Basically, the problem the author has with his development environment is that it's bog-standard corporate... Microsoft products on personal computers and workgroup servers, and big boxen in the back room running Java.

    While it would be nice if the company would buy you a PC and a database server, gave you a network connection and said "Go to it!", that environment wouldn't produce software that works with everything else in the system, or worse, would introduce instability and dataloss.

    Virii are a problem if you use a microsoft platform, whether you're a 1337 coder god or Larry in Accounting. If you need exceptions to standard corporate practice, that's something your manager should be dealing with the IT staff with. (And the IT staff, admins and their managers, all the way up to the CIO, should plan on and quickly implement exceptions to policy when needed. But that's another rant.)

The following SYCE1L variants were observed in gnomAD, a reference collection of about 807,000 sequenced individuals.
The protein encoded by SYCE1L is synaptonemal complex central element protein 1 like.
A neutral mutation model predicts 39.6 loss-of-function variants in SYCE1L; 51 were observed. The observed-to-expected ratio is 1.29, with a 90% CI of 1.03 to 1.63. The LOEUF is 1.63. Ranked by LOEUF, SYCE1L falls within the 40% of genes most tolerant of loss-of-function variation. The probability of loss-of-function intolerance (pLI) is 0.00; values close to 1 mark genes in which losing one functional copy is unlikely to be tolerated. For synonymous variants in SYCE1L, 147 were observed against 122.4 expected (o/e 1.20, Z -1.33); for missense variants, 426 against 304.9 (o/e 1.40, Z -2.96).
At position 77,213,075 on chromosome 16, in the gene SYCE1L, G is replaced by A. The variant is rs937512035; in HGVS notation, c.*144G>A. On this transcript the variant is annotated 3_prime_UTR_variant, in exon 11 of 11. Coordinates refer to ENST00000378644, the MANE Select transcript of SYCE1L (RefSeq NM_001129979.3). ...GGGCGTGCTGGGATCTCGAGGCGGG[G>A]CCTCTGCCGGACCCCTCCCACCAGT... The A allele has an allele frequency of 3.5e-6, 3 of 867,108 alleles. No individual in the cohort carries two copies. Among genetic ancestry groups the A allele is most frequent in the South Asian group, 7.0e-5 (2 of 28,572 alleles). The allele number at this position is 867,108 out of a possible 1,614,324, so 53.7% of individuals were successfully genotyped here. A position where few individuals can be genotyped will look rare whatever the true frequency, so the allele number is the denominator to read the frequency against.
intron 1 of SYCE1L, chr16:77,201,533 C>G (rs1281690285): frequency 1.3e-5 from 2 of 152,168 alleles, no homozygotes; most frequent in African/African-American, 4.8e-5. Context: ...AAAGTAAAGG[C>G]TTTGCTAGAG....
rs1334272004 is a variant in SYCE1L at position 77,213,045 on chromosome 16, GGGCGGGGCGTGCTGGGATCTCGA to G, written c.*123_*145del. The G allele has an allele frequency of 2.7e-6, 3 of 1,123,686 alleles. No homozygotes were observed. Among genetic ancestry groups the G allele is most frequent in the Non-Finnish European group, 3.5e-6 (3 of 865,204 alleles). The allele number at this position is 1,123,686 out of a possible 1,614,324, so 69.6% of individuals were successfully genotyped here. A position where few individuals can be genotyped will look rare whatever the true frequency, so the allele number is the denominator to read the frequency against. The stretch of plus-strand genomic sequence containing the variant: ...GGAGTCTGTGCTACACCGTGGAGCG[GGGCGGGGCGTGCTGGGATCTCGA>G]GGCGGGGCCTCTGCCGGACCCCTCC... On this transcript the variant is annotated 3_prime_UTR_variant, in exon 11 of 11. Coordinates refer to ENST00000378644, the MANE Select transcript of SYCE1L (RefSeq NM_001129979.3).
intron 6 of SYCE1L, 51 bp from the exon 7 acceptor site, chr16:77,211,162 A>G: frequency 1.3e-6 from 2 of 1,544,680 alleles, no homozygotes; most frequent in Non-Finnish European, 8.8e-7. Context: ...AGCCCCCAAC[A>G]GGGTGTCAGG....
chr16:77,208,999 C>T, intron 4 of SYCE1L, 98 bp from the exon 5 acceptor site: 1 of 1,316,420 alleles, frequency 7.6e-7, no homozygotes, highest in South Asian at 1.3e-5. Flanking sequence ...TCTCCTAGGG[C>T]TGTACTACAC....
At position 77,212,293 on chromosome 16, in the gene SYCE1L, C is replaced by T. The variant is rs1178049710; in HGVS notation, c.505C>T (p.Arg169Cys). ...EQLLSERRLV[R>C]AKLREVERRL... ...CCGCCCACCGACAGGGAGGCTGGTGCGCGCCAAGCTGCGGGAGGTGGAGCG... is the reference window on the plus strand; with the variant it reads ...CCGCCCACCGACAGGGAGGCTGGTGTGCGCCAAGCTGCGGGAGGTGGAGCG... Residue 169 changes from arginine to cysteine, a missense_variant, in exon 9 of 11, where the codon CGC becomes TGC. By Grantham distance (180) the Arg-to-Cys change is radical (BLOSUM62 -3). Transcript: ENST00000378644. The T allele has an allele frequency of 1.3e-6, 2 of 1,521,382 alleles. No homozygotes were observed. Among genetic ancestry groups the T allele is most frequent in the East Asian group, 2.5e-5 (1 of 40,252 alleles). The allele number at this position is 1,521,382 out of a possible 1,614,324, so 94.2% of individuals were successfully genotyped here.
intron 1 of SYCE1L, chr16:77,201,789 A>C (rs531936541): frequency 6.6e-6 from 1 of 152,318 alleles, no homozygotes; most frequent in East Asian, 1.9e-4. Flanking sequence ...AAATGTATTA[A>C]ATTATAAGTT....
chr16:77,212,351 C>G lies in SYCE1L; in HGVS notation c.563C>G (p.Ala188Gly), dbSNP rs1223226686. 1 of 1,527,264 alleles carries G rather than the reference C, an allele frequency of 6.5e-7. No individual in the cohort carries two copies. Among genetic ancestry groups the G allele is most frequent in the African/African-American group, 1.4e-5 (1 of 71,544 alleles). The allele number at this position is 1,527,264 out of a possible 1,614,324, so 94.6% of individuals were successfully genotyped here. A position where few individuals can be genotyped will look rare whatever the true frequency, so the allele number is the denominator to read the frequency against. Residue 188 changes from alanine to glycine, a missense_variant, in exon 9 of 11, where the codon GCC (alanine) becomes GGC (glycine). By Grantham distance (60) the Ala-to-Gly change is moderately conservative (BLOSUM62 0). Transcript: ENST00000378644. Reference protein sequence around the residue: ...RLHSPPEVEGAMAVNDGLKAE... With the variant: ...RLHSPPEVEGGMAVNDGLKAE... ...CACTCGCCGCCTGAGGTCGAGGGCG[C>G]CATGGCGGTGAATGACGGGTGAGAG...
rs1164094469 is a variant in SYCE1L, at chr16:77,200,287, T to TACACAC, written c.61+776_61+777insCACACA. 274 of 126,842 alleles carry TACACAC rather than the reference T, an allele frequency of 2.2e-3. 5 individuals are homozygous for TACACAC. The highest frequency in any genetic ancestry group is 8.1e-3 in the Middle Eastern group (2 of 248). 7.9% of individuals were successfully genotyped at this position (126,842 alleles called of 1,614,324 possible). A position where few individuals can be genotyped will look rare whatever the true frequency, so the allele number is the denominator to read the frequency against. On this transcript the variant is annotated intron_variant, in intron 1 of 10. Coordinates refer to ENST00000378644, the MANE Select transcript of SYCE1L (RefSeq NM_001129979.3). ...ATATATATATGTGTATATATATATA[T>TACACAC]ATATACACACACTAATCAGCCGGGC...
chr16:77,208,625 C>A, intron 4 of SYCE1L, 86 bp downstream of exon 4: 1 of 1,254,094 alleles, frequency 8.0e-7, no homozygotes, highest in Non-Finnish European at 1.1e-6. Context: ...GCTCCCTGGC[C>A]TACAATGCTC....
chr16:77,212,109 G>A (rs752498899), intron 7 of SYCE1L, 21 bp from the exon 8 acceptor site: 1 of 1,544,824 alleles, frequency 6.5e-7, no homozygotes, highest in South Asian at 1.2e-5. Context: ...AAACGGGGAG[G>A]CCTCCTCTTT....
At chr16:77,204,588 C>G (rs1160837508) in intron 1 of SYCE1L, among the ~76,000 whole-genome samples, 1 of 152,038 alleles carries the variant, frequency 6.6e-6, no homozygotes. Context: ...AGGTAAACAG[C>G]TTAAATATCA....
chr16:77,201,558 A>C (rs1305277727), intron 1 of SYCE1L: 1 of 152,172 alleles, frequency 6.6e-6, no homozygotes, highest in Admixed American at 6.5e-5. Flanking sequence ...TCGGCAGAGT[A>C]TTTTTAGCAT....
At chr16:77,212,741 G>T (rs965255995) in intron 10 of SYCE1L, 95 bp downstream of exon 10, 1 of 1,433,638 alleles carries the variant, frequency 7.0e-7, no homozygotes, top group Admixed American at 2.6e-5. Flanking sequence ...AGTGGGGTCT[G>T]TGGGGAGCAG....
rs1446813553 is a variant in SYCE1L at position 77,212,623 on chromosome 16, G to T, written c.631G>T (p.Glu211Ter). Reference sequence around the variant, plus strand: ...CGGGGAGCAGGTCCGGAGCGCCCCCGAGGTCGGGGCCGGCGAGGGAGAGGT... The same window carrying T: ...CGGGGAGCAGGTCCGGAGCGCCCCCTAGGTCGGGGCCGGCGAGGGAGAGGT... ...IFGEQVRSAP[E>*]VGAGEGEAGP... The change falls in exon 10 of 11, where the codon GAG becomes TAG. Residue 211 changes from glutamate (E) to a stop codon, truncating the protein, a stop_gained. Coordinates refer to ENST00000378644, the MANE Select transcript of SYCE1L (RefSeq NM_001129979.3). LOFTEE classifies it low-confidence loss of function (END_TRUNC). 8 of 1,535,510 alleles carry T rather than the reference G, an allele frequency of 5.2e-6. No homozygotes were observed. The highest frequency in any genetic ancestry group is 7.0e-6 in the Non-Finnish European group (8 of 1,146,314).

SoupIsGood Food
  • by richieb ( 3277 ) <richieb&gmail,com> on Saturday December 06, 2003 @03:52PM (#7649254) Homepage Journal
    Any downtime is not tolerated. For every minute my production machines are down, we're losing hundreds of thousands of dollars. Really.

    I don't think anyone is suggesting that developers should have root on production machines. But on their own development boxes or on test machines?

  • by teqo ( 602844 ) on Saturday December 06, 2003 @04:00PM (#7649313) Journal
    As a sysadmin and partial developer, I have come across a number of different species: Compentent co-sysadmin and incompetent ones, and incompetent ones that behave like the infamous BOfH. But I also met completely ignorant developers who do not have the slightest clue about system security, stability, maintainable software, and for the worst, collaboration with coworkers and responsible behavior in a systems environment. I don't want to see them manage the systems, either, dealing with their software on the systems operated by me is often depressing enough.

    Yes, there is absolutely no need to be semifascist when it comes to systems control if you have people, including developers, using resources responsibly. But for admins, believing in the Good User/Developer(tm) that always knows how to behave is a daydream. There are both kinds of developers, nice and competent and dorks, too, and you don't want the dorks to harm the often business-critical servers you are in charge of.